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Doctors Attitude and Costs Plays a Vital Role in Boosting Medical Tourism in India

A leading Indian cosmetic surgeon, Narendra Pandya, says he foresees a dramatic rise in medical tourism to India because of not just the low costs involved but a more humane approach towards patients. //

"What we are seeing now (in medical tourism) is just the beginning. At the Apollo Victor hospital in Goa, where I do surgery, over 90 percent of the patients are British expatriates," Pandya, on a visit here, told IANS in an interview here.

While the lower costs in India were a major factor in attracting medical tourists, Pandya said there was also a difference in the approach to patients.

"In the US the patient is only a number. In the East, we are more involved with them as humans. It makes a difference."

Pandya said Indian physicians and surgeons treated a large number of patients, giving them a definite advantage over their American counterparts.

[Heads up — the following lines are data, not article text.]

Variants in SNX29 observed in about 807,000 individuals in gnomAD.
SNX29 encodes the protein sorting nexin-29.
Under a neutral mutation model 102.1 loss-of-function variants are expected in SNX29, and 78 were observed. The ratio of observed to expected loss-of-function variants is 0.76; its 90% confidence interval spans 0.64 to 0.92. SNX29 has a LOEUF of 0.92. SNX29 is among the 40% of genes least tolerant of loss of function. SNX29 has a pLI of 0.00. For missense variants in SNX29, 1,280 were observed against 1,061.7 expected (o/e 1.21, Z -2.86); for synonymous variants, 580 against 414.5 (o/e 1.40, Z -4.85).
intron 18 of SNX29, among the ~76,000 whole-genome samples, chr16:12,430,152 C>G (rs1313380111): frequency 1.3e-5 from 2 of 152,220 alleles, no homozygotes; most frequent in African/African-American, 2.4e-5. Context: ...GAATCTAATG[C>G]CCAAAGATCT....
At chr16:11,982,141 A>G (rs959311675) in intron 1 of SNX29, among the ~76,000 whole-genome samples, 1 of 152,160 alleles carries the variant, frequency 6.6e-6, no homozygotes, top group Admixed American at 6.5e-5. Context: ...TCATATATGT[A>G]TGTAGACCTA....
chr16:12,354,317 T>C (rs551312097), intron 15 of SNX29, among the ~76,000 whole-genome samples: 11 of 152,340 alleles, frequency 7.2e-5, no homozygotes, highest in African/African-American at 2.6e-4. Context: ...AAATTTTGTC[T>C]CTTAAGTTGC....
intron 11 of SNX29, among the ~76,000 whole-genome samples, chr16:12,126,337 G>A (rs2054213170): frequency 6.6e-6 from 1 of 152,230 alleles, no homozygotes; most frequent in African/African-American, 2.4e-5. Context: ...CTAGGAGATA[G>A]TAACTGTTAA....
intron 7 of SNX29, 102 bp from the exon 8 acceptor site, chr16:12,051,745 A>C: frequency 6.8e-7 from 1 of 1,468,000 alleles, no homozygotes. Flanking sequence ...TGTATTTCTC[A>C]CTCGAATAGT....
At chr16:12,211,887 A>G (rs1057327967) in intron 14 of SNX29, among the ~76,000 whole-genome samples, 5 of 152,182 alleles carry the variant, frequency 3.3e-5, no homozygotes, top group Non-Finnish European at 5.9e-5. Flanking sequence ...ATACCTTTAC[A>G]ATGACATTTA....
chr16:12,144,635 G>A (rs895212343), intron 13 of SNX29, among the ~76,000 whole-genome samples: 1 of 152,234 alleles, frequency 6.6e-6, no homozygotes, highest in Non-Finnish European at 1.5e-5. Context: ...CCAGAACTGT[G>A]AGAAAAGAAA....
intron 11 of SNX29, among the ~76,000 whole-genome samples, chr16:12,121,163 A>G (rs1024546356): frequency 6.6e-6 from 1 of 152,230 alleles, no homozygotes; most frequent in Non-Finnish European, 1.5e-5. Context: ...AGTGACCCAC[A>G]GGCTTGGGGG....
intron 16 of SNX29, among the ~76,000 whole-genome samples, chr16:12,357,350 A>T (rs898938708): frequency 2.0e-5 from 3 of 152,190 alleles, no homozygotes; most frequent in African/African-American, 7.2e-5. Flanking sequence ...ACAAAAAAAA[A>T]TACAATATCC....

"An American surgeon for example will not be performing more than 15 cleft lip operations in an entire year. My resident-in-training in Mumbai performs more than 500 cleft operations in a year. Where is the comparison?"

"The on-the-job medical training in India is infinitely better. People in the US cannot grasp the quantum of work we do. We also have only 24 hours," he pointed out.

He said he was increasingly seeing more patients from the West flocking to India for treatment, such as dentistry, cosmetic surgery, joint replacements and eye surgery, given the low costs and the world class facilities available.

"A nose job costs $8,000 in the US while it cost $1,500 in India. If you trust me in Chicago for $8,000 dollars, how am I, as a physician, inferior in India?" he asked.

In fact, on this visit, Pandya had scheduled consultations with prospective patients in Boston, followed by similar consultations in London.

The desire for cosmetic surgery, said the surgeon, was "commensurate with affluence".
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